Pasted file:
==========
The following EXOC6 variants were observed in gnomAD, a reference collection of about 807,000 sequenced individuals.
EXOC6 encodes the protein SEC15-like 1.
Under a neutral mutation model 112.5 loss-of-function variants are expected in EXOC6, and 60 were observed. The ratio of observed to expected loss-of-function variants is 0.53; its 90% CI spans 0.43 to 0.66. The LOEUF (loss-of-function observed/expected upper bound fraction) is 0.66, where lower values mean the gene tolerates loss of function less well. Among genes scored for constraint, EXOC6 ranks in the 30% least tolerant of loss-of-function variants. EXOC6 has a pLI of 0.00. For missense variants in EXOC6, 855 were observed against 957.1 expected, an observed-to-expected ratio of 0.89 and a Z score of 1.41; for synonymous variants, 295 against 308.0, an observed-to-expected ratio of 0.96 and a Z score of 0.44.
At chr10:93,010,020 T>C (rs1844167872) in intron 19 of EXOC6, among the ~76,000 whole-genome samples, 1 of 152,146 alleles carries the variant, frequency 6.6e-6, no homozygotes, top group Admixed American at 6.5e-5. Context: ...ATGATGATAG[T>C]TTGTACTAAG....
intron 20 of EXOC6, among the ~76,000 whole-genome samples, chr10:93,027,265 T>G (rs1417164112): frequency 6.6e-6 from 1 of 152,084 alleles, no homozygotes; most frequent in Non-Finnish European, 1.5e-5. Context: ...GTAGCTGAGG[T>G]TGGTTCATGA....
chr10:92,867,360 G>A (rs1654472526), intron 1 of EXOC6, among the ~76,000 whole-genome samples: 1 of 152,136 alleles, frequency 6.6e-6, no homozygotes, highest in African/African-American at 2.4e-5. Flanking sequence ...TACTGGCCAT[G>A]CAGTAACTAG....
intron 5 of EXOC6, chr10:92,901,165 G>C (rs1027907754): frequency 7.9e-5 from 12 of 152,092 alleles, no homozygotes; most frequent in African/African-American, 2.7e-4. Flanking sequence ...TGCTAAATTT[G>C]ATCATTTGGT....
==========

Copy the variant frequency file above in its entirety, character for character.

The following EXOC6 variants were observed in gnomAD, a reference collection of about 807,000 sequenced individuals.
EXOC6 encodes the protein SEC15-like 1.
Under a neutral mutation model 112.5 loss-of-function variants are expected in EXOC6, and 60 were observed. The ratio of observed to expected loss-of-function variants is 0.53; its 90% CI spans 0.43 to 0.66. The LOEUF (loss-of-function observed/expected upper bound fraction) is 0.66, where lower values mean the gene tolerates loss of function less well. Among genes scored for constraint, EXOC6 ranks in the 30% least tolerant of loss-of-function variants. EXOC6 has a pLI of 0.00. For missense variants in EXOC6, 855 were observed against 957.1 expected, an observed-to-expected ratio of 0.89 and a Z score of 1.41; for synonymous variants, 295 against 308.0, an observed-to-expected ratio of 0.96 and a Z score of 0.44.
At chr10:93,010,020 T>C (rs1844167872) in intron 19 of EXOC6, among the ~76,000 whole-genome samples, 1 of 152,146 alleles carries the variant, frequency 6.6e-6, no homozygotes, top group Admixed American at 6.5e-5. Context: ...ATGATGATAG[T>C]TTGTACTAAG....
intron 20 of EXOC6, among the ~76,000 whole-genome samples, chr10:93,027,265 T>G (rs1417164112): frequency 6.6e-6 from 1 of 152,084 alleles, no homozygotes; most frequent in Non-Finnish European, 1.5e-5. Context: ...GTAGCTGAGG[T>G]TGGTTCATGA....
chr10:92,867,360 G>A (rs1654472526), intron 1 of EXOC6, among the ~76,000 whole-genome samples: 1 of 152,136 alleles, frequency 6.6e-6, no homozygotes, highest in African/African-American at 2.4e-5. Flanking sequence ...TACTGGCCAT[G>A]CAGTAACTAG....
intron 5 of EXOC6, chr10:92,901,165 G>C (rs1027907754): frequency 7.9e-5 from 12 of 152,092 alleles, no homozygotes; most frequent in African/African-American, 2.7e-4. Flanking sequence ...TGCTAAATTT[G>C]ATCATTTGGT....